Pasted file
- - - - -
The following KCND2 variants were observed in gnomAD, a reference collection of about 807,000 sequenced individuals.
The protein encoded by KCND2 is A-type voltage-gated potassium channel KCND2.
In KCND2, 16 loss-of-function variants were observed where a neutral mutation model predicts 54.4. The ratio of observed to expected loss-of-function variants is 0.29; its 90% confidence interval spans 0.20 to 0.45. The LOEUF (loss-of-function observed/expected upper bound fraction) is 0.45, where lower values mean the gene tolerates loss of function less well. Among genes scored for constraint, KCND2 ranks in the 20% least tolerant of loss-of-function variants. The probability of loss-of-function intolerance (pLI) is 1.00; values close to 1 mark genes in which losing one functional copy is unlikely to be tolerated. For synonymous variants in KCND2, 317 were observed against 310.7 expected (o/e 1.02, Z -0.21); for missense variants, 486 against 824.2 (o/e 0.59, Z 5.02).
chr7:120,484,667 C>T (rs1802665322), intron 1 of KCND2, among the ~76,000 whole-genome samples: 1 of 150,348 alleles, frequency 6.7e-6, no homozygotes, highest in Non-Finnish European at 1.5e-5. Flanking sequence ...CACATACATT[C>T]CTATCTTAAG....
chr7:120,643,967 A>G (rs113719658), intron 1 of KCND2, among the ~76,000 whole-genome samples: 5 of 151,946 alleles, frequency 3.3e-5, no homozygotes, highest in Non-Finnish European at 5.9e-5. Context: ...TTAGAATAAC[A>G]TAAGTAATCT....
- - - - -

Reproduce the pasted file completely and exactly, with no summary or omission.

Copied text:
The following KCND2 variants were observed in gnomAD, a reference collection of about 807,000 sequenced individuals.
The protein encoded by KCND2 is A-type voltage-gated potassium channel KCND2.
In KCND2, 16 loss-of-function variants were observed where a neutral mutation model predicts 54.4. The ratio of observed to expected loss-of-function variants is 0.29; its 90% confidence interval spans 0.20 to 0.45. The LOEUF (loss-of-function observed/expected upper bound fraction) is 0.45, where lower values mean the gene tolerates loss of function less well. Among genes scored for constraint, KCND2 ranks in the 20% least tolerant of loss-of-function variants. The probability of loss-of-function intolerance (pLI) is 1.00; values close to 1 mark genes in which losing one functional copy is unlikely to be tolerated. For synonymous variants in KCND2, 317 were observed against 310.7 expected (o/e 1.02, Z -0.21); for missense variants, 486 against 824.2 (o/e 0.59, Z 5.02).
chr7:120,484,667 C>T (rs1802665322), intron 1 of KCND2, among the ~76,000 whole-genome samples: 1 of 150,348 alleles, frequency 6.7e-6, no homozygotes, highest in Non-Finnish European at 1.5e-5. Flanking sequence ...CACATACATT[C>T]CTATCTTAAG....
chr7:120,643,967 A>G (rs113719658), intron 1 of KCND2, among the ~76,000 whole-genome samples: 5 of 151,946 alleles, frequency 3.3e-5, no homozygotes, highest in Non-Finnish European at 5.9e-5. Context: ...TTAGAATAAC[A>G]TAAGTAATCT....